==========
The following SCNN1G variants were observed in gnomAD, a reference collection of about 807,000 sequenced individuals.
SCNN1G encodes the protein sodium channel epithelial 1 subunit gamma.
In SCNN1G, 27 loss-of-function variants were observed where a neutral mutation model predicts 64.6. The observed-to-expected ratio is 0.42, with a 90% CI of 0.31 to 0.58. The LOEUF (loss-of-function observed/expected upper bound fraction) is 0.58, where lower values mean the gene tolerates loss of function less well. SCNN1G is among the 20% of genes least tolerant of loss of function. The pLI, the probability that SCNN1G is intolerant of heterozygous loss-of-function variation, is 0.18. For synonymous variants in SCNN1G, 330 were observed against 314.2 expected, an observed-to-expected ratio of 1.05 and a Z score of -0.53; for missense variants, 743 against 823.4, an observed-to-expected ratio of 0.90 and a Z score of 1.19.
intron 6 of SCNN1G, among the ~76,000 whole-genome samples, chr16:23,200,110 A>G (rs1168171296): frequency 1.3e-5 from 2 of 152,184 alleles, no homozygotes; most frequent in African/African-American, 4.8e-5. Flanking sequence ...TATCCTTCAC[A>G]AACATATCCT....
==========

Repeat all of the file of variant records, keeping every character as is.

The following SCNN1G variants were observed in gnomAD, a reference collection of about 807,000 sequenced individuals.
SCNN1G encodes the protein sodium channel epithelial 1 subunit gamma.
In SCNN1G, 27 loss-of-function variants were observed where a neutral mutation model predicts 64.6. The observed-to-expected ratio is 0.42, with a 90% CI of 0.31 to 0.58. The LOEUF (loss-of-function observed/expected upper bound fraction) is 0.58, where lower values mean the gene tolerates loss of function less well. SCNN1G is among the 20% of genes least tolerant of loss of function. The pLI, the probability that SCNN1G is intolerant of heterozygous loss-of-function variation, is 0.18. For synonymous variants in SCNN1G, 330 were observed against 314.2 expected, an observed-to-expected ratio of 1.05 and a Z score of -0.53; for missense variants, 743 against 823.4, an observed-to-expected ratio of 0.90 and a Z score of 1.19.
intron 6 of SCNN1G, among the ~76,000 whole-genome samples, chr16:23,200,110 A>G (rs1168171296): frequency 1.3e-5 from 2 of 152,184 alleles, no homozygotes; most frequent in African/African-American, 4.8e-5. Flanking sequence ...TATCCTTCAC[A>G]AACATATCCT....